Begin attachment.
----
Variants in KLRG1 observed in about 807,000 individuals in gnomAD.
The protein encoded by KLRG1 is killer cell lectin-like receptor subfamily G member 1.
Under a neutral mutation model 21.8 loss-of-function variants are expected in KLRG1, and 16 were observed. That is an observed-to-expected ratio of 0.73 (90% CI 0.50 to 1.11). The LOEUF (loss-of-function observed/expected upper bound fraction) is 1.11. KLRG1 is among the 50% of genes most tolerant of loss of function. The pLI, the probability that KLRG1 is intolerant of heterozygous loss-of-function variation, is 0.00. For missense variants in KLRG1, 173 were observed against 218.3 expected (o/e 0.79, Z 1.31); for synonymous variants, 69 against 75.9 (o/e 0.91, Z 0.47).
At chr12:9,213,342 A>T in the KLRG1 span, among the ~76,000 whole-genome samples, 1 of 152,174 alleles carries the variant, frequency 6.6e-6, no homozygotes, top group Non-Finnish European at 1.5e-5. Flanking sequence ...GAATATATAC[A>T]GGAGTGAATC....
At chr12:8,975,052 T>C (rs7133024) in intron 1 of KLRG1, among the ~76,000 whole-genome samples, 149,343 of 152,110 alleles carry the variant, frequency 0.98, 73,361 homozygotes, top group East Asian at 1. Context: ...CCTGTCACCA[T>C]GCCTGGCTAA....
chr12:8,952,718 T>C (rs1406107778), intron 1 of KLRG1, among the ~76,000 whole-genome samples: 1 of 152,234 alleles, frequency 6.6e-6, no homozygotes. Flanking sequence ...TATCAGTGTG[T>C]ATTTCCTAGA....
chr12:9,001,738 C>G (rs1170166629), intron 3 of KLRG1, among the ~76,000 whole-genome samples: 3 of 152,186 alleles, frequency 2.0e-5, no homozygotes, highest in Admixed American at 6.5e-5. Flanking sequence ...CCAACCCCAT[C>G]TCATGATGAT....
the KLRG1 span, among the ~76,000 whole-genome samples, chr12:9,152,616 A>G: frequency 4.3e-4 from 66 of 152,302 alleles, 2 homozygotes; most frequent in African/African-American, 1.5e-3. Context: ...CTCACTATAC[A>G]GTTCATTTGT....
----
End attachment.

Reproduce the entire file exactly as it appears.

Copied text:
Variants in KLRG1 observed in about 807,000 individuals in gnomAD.
The protein encoded by KLRG1 is killer cell lectin-like receptor subfamily G member 1.
Under a neutral mutation model 21.8 loss-of-function variants are expected in KLRG1, and 16 were observed. That is an observed-to-expected ratio of 0.73 (90% CI 0.50 to 1.11). The LOEUF (loss-of-function observed/expected upper bound fraction) is 1.11. KLRG1 is among the 50% of genes most tolerant of loss of function. The pLI, the probability that KLRG1 is intolerant of heterozygous loss-of-function variation, is 0.00. For missense variants in KLRG1, 173 were observed against 218.3 expected (o/e 0.79, Z 1.31); for synonymous variants, 69 against 75.9 (o/e 0.91, Z 0.47).
At chr12:9,213,342 A>T in the KLRG1 span, among the ~76,000 whole-genome samples, 1 of 152,174 alleles carries the variant, frequency 6.6e-6, no homozygotes, top group Non-Finnish European at 1.5e-5. Flanking sequence ...GAATATATAC[A>T]GGAGTGAATC....
At chr12:8,975,052 T>C (rs7133024) in intron 1 of KLRG1, among the ~76,000 whole-genome samples, 149,343 of 152,110 alleles carry the variant, frequency 0.98, 73,361 homozygotes, top group East Asian at 1. Context: ...CCTGTCACCA[T>C]GCCTGGCTAA....
chr12:8,952,718 T>C (rs1406107778), intron 1 of KLRG1, among the ~76,000 whole-genome samples: 1 of 152,234 alleles, frequency 6.6e-6, no homozygotes. Flanking sequence ...TATCAGTGTG[T>C]ATTTCCTAGA....
chr12:9,001,738 C>G (rs1170166629), intron 3 of KLRG1, among the ~76,000 whole-genome samples: 3 of 152,186 alleles, frequency 2.0e-5, no homozygotes, highest in Admixed American at 6.5e-5. Flanking sequence ...CCAACCCCAT[C>G]TCATGATGAT....
the KLRG1 span, among the ~76,000 whole-genome samples, chr12:9,152,616 A>G: frequency 4.3e-4 from 66 of 152,302 alleles, 2 homozygotes; most frequent in African/African-American, 1.5e-3. Context: ...CTCACTATAC[A>G]GTTCATTTGT....